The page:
Posted by: babybumper | October 21, 2010

Pacifiers hamper Breastfeeding

One of my favorite activities at work is helping mamas and babies breastfeed. I have failed 4 times. The pacifier is my greatest enemy.

My Enemy

When a baby won’t latch on to the breast, it is distressing to moms who are already apprehensive about their capability to provide nutrition for their child (even though they did a great job for 9 months!). As they dutifully offer the newborn a fountain of healthy nutrients, the little one tries and cries. The mom suffers feelings of inadequacy, and the bambino gets distressed.

3 of the 4 babies whom I could NOT get to latch on had already sucked on a pacifier. (The other had a traumatic birth). Pacifiers are designed for sucking, not eating. Although they mimic the breast, they cannot mirror the breast, as the breast is also for feeding. The technique for sucking on a “soother” is different. Therefore, the babies who had received a pacifier JUST ONE TIME were unable to achieve a good seal on the breast. This lead to frustration for the baby, mom, and me!

“He’s just using me to pacify himself.”

I often hear breastfeeding women complain.  Yes, parenting is a balance between your needs and the baby’s needs. Having a babe to the breast can get in the way of the way you want to do life. Consider, though, that for the first 6 weeks, using your breasts to pacify, or sooth, may not be such a bad thing!

  1. Every time the nursling is on your breast milk production is encouraged. The first month is crucial for establishing enough milk for the entire breastfeeding relationship (Ideally 1-2+ years). It seems that the actions during these first few weeks impact your milk supply at 6 months, at 1 year, etc. When the baby is soothing himself at the breast, even if not drinking milk, he is ensuring he will have milk in the months to come. Pacifier use leads to inadequate weight gain when used as a breast-substitute.
  2. Breastfeeding actually affects the way the oral cavity develops. The kid’s mouth grows differently depending on what they suck on. Pacifiers do not help the ideal shape of the airway and oral cavity develop. Bottles and pacifiers increase the risk for need for orthodontic work and sleep apnea.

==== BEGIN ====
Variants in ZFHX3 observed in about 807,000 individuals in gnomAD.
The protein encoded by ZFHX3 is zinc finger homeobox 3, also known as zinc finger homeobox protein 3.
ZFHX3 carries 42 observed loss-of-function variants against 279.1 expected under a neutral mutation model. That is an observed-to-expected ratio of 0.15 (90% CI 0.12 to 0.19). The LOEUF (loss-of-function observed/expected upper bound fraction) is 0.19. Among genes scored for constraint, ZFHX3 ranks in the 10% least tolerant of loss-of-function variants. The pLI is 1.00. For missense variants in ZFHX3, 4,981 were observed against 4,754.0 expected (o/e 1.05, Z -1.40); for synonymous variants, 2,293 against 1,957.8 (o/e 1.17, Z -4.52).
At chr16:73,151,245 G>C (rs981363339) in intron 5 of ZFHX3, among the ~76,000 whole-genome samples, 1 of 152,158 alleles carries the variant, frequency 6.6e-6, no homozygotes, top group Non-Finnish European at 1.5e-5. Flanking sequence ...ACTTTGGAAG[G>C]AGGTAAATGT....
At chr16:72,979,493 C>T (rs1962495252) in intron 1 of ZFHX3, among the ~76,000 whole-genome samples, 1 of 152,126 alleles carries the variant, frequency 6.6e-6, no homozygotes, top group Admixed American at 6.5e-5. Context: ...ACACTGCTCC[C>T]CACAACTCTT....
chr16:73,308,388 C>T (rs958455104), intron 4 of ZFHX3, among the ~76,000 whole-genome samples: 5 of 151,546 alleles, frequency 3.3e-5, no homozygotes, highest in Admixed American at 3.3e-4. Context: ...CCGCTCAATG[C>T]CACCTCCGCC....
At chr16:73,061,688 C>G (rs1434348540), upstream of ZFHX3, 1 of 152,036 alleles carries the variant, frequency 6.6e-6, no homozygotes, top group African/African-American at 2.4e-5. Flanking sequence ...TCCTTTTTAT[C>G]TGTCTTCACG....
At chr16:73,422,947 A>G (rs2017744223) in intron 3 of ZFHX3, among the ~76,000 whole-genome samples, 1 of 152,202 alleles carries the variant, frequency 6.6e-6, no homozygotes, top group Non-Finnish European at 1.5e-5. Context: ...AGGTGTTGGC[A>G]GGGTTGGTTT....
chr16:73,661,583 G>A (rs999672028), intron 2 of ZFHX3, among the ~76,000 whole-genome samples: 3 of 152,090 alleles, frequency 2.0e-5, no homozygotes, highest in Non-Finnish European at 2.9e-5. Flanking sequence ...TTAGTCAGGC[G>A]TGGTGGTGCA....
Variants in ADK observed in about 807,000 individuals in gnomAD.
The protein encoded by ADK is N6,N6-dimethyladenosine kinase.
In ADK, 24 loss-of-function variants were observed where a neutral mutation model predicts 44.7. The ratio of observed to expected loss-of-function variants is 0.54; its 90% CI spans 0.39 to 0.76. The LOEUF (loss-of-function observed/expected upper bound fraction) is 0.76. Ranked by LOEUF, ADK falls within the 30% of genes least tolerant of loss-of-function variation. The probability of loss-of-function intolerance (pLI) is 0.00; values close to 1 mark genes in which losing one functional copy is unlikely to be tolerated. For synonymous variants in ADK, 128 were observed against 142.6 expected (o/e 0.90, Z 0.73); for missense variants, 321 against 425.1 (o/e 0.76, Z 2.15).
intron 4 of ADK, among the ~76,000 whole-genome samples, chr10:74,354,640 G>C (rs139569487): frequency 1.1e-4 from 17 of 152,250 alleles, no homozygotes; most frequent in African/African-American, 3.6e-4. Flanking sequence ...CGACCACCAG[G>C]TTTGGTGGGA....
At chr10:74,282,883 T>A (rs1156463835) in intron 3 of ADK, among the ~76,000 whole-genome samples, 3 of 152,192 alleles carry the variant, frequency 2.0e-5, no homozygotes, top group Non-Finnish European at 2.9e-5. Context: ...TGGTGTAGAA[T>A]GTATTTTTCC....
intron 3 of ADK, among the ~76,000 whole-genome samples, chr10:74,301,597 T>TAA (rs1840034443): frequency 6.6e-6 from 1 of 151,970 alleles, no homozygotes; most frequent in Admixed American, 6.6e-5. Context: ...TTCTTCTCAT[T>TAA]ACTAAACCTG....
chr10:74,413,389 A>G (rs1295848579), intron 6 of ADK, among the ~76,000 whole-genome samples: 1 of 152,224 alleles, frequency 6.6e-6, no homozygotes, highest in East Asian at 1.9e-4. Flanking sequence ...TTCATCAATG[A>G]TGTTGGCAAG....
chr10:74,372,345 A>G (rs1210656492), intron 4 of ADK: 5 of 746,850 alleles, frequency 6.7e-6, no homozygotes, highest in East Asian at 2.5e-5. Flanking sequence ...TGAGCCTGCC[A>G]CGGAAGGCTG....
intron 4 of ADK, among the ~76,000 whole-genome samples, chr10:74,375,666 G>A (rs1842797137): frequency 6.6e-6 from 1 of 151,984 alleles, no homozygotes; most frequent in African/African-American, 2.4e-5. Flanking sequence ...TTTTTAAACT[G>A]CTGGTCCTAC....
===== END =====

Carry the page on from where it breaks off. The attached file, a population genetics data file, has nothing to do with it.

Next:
Pacifiers don’t Sooth Me

I abhor pacifiers. Because I see them prematurely used. I have seen a major impact on the ability for a newborn to breastfeed after using a pacifier in the first stage of life. This has led to a loathing of pacifiers for those who are newly born!! I wish they were banned from the hospital! I highly recommend delayed pacifier use. The lifelong health resulting from breast milk is more important than the soothing qualities of a pacifier. Research has proven that pacifier use before 6 weeks of age leads to less breastfeeding, earlier weaning, and more breastfeeding problems. After 6 weeks, breastfeeding is well established with milk supply, and the baby has learned to latch well. At this point the pacifier is highly useful for calming, and that’s something I can’t despise!! Truthfully, I am only hostile to pacifiers when given in the first 6 weeks.

Commit to establish breastfeeding in the first 6 weeks of your child’s life. This time period is crucial toward breastfeeding success, which is crucial to optimal life-long health. During the first 6 weeks, the little one will learn how to best latch to remove milk from the breast, and the mother’s body will send strong signals to kick up the milk production, both preventing later heartache. After 6 weeks the benefits of a pacifier more so outweigh the risks, but before, that thing is an enemy!!

What do you think? Could you have gotten through the first 6 weeks without a pacifier? What alternate techniques can be used? Have you noticed a difference in a baby pre- and post-pacifier use? Who loves pacifiers? Any other haters?

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Responses

  1. This written by my only “never pacifier” kid! :~)
    I didn’t use pacifiers in the first weeks, trying to never use them (but ultimately did). Sure, the babies pacified themselves on me, but we’re talking 6 weeks here — standard recovery time for Mom’s body. Modern expectations are for Mom to jump back into her pre-birth life asap, which doesn’t fit well with those leisurely nursing sessions that the new-born needs.
    Like so many other things in parenting, you can spend more time in the beginning and save yourself time, money, and general grief later on.

  2. My son was forced to go to and stay in the NICU after birth (despite apgar scores of 9 and 9) because he had a completely non-threatening rare birth defect and the floor nurses weren’t “comfortable” with the idea of having him on the regular post-partum floor. Of course, he got to the NICU well before I was able to follow, and as soon as he got there they gave him a pacifier. So, literally, the first suckling he ever did in his life was on a pacifier. However, this had no impact on our breastfeeding whatsoever. He had a good strong latch, was a frequent feeder, and we’re still nursing at 16 months (and he still loves pacifiers 🙂 ). So, I think it’s got to be some combination of factors that lead to nursing difficulties, not just the pacifier alone.


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